The German Federal Ministry for Economic Affairs and Energy (“German Ministry”) may review and even prohibit certain acquisitions of domestic companies by foreign investors, mainly for security reasons. With Germany generally known as an open economy, the review procedure has been conducted in a fairly swift and generous manner. However, in light of recent developments, this will probably change, and such change seems to be in line with an increasingly protective business environment we are observing globally. As a recent example, the Chinese government released a revised draft of the Foreign Investment Industrial Guidance Catalogue, which introduces certain restrictions on outbound investments. (Please refer to our December 12, 2016 Legal Update for more details.)
Recent Developments in Germany
Over the course of this year, the German Ministry also seems to have tightened its review procedure and probably developed a more rigid approach:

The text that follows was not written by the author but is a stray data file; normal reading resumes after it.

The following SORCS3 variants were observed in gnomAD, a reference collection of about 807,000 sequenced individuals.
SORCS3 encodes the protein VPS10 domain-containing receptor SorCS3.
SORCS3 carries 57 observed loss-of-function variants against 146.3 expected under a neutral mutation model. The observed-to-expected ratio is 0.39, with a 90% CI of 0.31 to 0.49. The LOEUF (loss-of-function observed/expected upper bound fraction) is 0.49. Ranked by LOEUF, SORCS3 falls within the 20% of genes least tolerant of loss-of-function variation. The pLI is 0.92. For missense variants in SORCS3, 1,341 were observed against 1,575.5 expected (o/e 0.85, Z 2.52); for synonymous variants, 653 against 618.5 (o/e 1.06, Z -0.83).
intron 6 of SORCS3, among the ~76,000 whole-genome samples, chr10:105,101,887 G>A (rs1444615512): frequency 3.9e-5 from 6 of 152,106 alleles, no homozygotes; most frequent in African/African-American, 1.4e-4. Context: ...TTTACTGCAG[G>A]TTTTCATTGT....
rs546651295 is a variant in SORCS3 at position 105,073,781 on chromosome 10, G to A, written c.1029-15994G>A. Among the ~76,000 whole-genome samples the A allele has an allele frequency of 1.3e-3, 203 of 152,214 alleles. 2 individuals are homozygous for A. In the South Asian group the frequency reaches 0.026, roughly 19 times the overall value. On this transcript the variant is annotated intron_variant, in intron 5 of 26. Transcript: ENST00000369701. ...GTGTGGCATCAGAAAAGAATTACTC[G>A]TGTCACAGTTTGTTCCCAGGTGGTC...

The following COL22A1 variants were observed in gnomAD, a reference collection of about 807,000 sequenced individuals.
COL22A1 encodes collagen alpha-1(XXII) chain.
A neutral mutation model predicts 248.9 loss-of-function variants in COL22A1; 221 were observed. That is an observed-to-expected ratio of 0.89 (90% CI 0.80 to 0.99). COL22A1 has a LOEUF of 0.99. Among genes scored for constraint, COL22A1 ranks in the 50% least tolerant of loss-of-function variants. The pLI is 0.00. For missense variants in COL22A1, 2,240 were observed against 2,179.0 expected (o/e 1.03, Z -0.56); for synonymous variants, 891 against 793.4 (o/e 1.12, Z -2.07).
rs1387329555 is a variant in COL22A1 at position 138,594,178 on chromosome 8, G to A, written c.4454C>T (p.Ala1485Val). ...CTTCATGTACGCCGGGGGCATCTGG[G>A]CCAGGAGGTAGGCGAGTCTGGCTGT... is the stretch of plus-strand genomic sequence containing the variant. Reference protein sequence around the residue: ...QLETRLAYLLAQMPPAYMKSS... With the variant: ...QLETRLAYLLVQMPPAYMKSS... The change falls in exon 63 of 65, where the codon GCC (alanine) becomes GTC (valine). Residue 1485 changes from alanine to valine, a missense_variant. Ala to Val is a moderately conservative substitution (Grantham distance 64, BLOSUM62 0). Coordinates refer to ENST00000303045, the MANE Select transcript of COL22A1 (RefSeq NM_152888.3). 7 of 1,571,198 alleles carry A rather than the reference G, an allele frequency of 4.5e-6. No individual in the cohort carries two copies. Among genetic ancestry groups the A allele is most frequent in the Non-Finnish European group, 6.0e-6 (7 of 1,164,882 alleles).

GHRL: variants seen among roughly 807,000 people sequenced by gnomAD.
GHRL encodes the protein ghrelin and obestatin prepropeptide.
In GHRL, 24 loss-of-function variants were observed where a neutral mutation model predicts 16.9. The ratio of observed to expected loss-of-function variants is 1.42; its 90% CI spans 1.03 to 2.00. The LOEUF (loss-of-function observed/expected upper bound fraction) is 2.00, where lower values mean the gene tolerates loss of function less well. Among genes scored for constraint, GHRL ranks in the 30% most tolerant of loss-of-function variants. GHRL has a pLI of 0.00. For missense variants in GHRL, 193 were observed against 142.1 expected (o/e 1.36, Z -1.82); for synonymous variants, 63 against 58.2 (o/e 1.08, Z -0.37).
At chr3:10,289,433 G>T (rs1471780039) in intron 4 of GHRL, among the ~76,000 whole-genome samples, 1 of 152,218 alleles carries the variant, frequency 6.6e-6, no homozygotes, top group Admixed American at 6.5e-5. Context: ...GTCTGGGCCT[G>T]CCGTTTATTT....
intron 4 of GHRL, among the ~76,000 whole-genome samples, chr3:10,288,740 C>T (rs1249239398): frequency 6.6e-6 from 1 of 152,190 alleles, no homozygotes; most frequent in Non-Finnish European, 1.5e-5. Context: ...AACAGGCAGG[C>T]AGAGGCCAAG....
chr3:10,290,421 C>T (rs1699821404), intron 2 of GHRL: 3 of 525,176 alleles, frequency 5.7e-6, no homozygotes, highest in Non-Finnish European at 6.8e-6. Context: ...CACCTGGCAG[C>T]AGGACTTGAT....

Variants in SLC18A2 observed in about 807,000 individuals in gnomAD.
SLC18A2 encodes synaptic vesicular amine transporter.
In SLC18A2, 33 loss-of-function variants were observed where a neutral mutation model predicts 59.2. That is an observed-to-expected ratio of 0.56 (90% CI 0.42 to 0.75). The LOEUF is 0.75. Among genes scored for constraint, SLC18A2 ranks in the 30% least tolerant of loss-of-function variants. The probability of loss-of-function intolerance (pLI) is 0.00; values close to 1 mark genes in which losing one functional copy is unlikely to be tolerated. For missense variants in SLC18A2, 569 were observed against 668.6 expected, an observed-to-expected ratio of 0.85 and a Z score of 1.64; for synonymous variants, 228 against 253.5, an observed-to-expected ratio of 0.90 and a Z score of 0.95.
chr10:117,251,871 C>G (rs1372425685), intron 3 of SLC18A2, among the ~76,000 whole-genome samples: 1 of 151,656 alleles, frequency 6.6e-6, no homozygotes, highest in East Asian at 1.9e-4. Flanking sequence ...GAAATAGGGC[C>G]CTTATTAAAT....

• EEW: In February 2016, the German Ministry cleared the EUR 1.4 billion Energy from Waste (EEW) acquisition by Beijing Enterprises in a rather swift process advised by our Firm. This was the first large energy infrastructure investment by a Chinese investor in Germany and the largest Chinese foreign direct investment in Germany at the time.
• Kuka: In August 2016, the acquisition of industrial robot manufacturer Kuka by Chinese Midea Group (around EUR 4.5 billion) was cleared by the German Ministry, again fairly swiftly after the exclusion of its US business from the transaction. Such clearance, however, led to controversial discussions in the media
The German Ministry has been criticized in light of Kuka’s strategic position, in particular for the German automotive industry.
• Osram: In October 2016, the German Ministry initiated an in-depth review with respect to the EUR 400 million acquisition of German Osram’s light bulbs unit Ledvance by a Chinese investor consortium. Recently, the Chinese investor’s interest in the transaction has decreased significantly.